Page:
Gyet and his “paper father” prosper in their laundry business well enough for Gyet to return to China and recruit (in a wonderfully layered scene) a “paper wife,” the nineteen-year-old daughter of a rural family (Joyce Meimei Zheng) whose older brother already attempted the trip and was turned back, plunging the family into debt for the expenses of his voyage. While both characters try to be forthright and realistic, she receives his business proposition as a form of wooing while he receives her wooing as part of a business proposition. Neither of them has much choice: it’s a package deal.

In the final scene of the play, set in 1930, we learn that they have five children. The laundry now employs American labourers. They have thrived, or at least survived in the new land—the best revenge for the indignities of entering it. Gee, on his deathbed and cared for by his “daughter-in-law,” looks back at his life with incredulity. Was it really his? He can’t remember. His memories are troubled by the fictions he has been forced to rehearse and perform.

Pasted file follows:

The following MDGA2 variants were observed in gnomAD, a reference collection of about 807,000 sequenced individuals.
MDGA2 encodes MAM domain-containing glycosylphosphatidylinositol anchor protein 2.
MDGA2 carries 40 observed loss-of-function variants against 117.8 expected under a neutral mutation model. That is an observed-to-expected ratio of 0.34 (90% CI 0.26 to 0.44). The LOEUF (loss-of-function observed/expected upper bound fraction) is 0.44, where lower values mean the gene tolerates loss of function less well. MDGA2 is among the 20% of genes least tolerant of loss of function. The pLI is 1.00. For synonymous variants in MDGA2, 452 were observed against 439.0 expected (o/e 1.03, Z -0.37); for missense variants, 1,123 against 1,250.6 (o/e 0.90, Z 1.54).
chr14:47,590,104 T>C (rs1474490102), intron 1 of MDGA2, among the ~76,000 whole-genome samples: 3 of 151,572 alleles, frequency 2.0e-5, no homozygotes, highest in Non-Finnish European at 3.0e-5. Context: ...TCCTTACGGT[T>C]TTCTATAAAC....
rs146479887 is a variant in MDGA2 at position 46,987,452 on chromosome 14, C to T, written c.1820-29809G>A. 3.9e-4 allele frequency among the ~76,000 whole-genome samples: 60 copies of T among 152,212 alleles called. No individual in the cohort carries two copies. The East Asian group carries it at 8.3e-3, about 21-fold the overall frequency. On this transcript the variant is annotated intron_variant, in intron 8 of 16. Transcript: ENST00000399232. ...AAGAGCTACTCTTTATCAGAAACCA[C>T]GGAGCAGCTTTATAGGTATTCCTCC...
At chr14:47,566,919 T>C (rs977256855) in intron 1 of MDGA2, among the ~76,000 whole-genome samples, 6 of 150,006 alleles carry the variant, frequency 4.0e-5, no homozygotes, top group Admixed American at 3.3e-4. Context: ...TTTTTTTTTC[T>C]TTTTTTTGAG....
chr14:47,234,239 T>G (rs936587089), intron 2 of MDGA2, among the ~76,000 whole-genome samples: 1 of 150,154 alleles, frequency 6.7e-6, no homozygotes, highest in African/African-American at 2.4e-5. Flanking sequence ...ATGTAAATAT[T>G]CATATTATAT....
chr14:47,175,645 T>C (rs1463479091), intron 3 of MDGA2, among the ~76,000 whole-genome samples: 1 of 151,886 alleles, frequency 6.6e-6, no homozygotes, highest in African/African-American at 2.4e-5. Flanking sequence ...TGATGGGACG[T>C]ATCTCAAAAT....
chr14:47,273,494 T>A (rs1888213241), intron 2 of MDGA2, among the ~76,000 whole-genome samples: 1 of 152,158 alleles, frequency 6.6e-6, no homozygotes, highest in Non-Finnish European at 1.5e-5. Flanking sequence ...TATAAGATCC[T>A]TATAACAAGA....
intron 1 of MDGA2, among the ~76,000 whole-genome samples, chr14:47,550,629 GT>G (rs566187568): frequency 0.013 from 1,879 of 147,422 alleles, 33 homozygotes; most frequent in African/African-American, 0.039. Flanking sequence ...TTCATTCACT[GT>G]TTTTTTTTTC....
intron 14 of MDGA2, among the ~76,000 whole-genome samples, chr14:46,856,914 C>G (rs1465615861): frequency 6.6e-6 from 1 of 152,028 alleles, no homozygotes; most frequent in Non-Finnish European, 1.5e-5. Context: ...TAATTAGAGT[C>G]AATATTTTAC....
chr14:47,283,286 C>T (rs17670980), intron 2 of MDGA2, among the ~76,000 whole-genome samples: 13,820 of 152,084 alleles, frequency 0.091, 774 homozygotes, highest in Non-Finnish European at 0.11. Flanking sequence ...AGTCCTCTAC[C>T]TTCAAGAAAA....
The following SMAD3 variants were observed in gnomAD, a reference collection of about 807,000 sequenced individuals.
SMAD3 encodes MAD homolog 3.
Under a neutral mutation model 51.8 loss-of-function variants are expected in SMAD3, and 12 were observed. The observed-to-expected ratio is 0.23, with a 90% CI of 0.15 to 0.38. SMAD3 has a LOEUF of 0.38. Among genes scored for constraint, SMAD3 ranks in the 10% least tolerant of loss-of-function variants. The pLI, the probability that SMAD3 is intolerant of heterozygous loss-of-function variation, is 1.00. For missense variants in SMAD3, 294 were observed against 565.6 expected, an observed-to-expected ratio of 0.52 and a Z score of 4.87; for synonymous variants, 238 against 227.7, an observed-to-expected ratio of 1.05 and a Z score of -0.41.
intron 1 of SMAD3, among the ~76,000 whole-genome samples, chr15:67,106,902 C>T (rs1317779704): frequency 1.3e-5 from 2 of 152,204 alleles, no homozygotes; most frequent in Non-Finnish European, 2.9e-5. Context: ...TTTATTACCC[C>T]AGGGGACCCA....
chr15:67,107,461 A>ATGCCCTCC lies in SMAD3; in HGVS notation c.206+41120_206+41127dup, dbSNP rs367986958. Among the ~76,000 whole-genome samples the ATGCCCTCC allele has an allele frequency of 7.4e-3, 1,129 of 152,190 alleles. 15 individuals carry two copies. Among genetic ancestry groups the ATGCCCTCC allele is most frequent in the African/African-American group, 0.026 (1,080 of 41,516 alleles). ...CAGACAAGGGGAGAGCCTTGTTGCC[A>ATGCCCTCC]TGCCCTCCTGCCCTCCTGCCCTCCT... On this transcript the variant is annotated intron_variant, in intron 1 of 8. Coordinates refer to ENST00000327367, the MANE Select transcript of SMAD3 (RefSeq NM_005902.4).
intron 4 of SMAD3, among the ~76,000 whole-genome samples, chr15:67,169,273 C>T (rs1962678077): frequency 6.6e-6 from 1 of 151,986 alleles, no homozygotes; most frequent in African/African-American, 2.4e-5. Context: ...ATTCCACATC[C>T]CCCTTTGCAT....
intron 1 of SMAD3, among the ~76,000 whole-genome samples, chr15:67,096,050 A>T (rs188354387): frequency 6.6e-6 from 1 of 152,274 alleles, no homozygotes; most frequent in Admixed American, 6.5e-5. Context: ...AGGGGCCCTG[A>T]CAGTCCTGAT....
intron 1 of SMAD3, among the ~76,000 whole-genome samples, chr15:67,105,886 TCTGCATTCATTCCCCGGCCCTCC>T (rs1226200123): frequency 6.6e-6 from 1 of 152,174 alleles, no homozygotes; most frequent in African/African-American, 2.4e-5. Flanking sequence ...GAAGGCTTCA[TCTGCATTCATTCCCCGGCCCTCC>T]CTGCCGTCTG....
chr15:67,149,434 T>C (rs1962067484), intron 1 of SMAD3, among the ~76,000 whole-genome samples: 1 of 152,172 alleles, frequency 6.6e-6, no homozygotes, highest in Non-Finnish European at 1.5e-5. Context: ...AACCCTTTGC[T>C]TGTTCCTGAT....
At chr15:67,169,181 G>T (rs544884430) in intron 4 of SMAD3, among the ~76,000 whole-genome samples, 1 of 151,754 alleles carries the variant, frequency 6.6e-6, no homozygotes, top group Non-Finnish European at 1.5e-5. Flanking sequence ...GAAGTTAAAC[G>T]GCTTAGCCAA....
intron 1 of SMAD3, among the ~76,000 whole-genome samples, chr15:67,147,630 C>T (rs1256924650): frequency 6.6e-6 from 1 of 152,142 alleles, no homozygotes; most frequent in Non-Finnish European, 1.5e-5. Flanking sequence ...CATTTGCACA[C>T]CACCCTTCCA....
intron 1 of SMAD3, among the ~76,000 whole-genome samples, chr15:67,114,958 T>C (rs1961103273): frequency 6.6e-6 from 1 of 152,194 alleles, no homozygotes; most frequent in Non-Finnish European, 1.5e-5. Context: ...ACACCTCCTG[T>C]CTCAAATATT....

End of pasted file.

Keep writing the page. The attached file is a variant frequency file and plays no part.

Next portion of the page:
Perhaps it’s a coincidence, but the past president of the nonprofit Angel Island Immigration Foundation, which supports and promotes the Angel Island museums today, is also named Gee and is a descendant of a “paper son.” Buck Gee was vice president and general manager of Cisco Systems and a member of the Committee of 100. He co-founded the Advanced Leadership Program for Asian American Executives at the Stanford Graduate School of Business He joined the Angel Island Immigration Foundation as a volunteer when he retired from Cisco in 2008.